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Android Hardware OpenGLES emulation design overview
Hardware GLES emulation in the Android platform is implemented with a mix
of components, which are:
- Several host "translator" libraries. They implement the EGL, GLES 1.1 and
GLES 2.0 ABIs defined by Khronos, and translate the corresponding function
calls into calls to the appropriate desktop APIs, i.e.:
- GLX (Linux), AGL (OS X) or WGL (Windows) for EGL
- desktop GL 2.0 for GLES 1.1 and GLES 2.0
_________ __________ __________
| | | | | |
| EGL | | GLES 1.1 | | GLES 2.0 | TRANSLATOR
|_________| |__________| |__________| LIBRARIES
| | |
- - - | - - - - - - - - - | - - - - - - - - - | - - - - -
| | |
____v____ ____v_____ _____v____ HOST
| | | | | | SYSTEM
| GLX | | GL 2.0 | | GL 2.0 | LIBRARIES
|_________| |__________| |__________|
- Several system libraries inside the emulated guest system that implement
the same EGL / GLES 1.1 and GLES 2.0 ABIs.
They collect the sequence of EGL/GLES function calls and translate then
into a custom wire protocol stream that is sent to the emulator program
through a high-speed communication channel called a "QEMU Pipe".
For now, all you need to know is that the pipe is implemented with a
custom kernel driver, and provides for _very_ fast bandwidth. All read()
and writes() from/to the pipes are essentially instantaneous from the
guest's point of view.
_________ __________ __________
| | | | | |
| EGL | | GLES 1.1 | | GLES 2.0 | SYSTEM
|_________| |__________| |__________| LIBRARIES
| | |
- - - | - - - - - - - - - | - - - - - - - - - | - - - - -
| | |
____v____________________v____________________v____ GUEST
- - - - - - - - - - - - - -|- - - - - - - - - - - - - - - -
- Specific code inside the emulator program that is capable of transmitting
the wire protocol stream to a special rendering library or process (called
the "renderer" here), which understands the format.
| |
| |
- The renderer decodes the EGL/GLES commands from the wire
protocol stream, and dispatches them to the translator libraries
| |
| | |
+-----------------+ | +-----------------+
| | |
____v____ ___v______ ____v_____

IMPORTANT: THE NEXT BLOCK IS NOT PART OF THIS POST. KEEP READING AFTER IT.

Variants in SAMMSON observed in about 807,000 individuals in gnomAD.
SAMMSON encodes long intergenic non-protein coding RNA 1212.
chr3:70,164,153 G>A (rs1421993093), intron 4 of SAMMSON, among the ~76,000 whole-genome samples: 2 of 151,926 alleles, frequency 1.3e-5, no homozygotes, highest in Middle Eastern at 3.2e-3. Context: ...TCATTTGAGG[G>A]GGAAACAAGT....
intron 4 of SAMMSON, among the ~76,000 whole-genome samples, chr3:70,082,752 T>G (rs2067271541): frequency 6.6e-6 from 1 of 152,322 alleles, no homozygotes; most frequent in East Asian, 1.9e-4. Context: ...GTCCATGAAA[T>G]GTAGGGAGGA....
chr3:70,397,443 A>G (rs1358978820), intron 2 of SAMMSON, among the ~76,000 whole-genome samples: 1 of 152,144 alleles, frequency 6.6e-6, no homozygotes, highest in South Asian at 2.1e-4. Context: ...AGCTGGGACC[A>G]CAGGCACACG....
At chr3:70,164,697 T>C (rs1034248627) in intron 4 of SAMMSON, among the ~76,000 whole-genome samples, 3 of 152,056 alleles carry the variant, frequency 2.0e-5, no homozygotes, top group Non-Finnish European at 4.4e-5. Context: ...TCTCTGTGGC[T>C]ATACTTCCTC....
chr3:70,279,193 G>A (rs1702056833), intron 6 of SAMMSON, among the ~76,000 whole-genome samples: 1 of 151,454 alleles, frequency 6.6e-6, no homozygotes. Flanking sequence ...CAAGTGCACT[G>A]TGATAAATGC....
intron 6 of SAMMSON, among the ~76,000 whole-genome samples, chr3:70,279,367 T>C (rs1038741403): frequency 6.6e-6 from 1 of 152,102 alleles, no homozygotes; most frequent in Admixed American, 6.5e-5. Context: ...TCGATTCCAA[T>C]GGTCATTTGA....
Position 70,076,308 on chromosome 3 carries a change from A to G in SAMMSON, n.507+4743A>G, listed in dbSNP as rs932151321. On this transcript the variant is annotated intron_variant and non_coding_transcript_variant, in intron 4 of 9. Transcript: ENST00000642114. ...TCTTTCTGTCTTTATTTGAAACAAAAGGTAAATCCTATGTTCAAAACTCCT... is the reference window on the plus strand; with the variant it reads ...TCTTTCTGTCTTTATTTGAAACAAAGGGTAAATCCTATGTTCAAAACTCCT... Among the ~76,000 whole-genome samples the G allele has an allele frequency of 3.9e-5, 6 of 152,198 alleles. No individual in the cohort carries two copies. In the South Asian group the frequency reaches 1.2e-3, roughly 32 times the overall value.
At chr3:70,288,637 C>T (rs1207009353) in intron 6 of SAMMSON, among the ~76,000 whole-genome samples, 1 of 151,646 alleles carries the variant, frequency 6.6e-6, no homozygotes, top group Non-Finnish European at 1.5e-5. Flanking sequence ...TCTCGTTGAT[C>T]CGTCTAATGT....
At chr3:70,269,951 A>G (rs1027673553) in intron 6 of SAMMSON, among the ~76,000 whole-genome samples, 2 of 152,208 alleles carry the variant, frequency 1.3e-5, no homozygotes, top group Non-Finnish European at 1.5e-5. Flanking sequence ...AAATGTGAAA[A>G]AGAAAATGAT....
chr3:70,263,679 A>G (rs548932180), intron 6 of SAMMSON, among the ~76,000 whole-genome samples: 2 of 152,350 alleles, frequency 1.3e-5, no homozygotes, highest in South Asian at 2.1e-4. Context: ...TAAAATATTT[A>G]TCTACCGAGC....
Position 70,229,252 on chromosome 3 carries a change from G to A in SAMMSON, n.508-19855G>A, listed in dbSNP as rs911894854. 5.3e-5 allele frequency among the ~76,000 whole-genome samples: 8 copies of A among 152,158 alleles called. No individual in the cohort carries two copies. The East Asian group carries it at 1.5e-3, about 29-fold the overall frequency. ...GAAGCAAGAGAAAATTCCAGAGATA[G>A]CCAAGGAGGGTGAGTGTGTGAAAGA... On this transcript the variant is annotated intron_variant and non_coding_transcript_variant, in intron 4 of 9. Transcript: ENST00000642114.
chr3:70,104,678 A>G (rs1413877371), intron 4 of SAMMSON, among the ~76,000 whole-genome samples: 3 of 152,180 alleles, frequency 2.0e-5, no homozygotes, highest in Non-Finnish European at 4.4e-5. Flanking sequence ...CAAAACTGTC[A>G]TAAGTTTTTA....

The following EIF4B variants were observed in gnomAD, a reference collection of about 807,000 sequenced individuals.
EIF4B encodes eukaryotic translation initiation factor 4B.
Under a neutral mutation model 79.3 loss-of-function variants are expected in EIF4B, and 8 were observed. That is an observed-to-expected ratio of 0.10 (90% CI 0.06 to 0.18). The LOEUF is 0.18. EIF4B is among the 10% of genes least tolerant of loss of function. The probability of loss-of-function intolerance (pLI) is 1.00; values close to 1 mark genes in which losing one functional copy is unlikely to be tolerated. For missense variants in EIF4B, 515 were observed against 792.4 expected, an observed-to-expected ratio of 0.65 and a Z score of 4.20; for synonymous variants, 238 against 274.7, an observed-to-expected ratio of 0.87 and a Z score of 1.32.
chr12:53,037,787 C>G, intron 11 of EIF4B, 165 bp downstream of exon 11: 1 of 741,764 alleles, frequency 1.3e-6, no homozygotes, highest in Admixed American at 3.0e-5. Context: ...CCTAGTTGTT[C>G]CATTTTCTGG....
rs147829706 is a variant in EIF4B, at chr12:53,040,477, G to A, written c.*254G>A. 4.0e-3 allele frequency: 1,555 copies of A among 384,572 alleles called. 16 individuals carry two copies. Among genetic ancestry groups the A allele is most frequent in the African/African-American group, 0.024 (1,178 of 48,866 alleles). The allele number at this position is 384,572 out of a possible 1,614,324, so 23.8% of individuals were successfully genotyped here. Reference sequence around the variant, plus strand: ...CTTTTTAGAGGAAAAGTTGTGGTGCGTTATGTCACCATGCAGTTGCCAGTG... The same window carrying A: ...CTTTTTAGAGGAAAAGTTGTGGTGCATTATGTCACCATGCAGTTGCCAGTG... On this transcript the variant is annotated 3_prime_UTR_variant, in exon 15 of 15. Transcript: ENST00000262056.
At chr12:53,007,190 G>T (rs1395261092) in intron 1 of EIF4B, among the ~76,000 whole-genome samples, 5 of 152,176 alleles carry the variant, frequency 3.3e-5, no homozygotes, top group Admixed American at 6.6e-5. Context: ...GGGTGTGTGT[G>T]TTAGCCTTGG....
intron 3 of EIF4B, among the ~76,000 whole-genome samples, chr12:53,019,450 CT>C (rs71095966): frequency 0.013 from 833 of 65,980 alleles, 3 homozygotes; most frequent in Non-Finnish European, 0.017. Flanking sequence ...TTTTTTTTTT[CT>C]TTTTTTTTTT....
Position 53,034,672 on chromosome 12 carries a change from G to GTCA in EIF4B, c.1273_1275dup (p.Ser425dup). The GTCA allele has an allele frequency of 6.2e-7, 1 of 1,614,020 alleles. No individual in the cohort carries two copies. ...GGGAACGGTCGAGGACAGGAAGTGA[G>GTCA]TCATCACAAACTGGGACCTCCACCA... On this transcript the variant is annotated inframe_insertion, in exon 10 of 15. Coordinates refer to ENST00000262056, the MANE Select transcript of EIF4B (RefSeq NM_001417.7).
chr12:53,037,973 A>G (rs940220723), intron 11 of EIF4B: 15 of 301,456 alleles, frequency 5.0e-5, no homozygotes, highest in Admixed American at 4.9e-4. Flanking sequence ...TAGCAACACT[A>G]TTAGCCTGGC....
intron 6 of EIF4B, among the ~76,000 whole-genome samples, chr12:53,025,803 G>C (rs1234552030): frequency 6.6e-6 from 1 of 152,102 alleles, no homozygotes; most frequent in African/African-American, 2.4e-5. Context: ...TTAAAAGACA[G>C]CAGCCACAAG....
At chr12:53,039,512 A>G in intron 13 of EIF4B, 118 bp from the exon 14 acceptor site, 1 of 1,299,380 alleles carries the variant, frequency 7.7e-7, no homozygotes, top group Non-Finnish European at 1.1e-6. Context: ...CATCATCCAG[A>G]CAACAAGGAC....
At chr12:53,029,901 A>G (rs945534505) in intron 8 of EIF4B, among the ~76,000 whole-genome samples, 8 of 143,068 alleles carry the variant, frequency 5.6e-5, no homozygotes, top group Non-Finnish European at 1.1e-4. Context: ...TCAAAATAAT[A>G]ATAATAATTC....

| | | | | | HOST
| EGL | | GLES 1.1 | | GLES 2.0 | TRANSLATOR
|_________| |__________| |__________| LIBRARIES
- In reality, the protocol stream flows in both directions, even though most
of the commands result in data going from the guest to the host. A complete
picture of the emulation would thus be:
_________ __________ __________
| | | | | |
| EGL | | GLES 1.1 | | GLES 2.0 | SYSTEM
|_________| |__________| |__________| LIBRARIES
^ ^ ^
| | |
- - - | - - - - - - - - - | - - - - - - - - - | - - - - -
| | |
____v____________________v____________________v____ GUEST
- - - - - - - - - - - - - -|- - - - - - - - - - - - - - - -
| |
| |
^ ^ ^
| | |
+-----------------+ | +-----------------+
| | |
____v____ ___v______ ____v_____
| | | | | |
| EGL | | GLES 1.1 | | GLES 2.0 | TRANSLATOR
|_________| |__________| |__________| LIBRARIES
^ ^ ^
| | |
- - - | - - - - - - - - - | - - - - - - - - - | - - - - -
| | |
____v____ ____v_____ _____v____ HOST
| | | | | | SYSTEM
| GLX | | GL 2.0 | | GL 2.0 | LIBRARIES
|_________| |__________| |__________|
(NOTE: 'GLX' is for Linux only, replace 'AGL' on OS X, and 'WGL' on Windows).
Note that, in the above graphics, only the host system libraries at the bottom
are _not_ provided by Android.
Design Requirements:
The above design comes from several important requirements that were decided
early in the project:
1 - The ability to run the renderer in a separate process from the emulator
itself is important.
For various practical reasons, we plan to completely separate the core QEMU
emulation from the UI window by using two distinct processes. As such, the
renderer will be implemented as a library inside the UI program, but will
need to receive protocol bytes from the QEMU process.
The communication channel will be either a fast Unix socket or a Win32
named pipe between these two. A shared memory segment with appropriate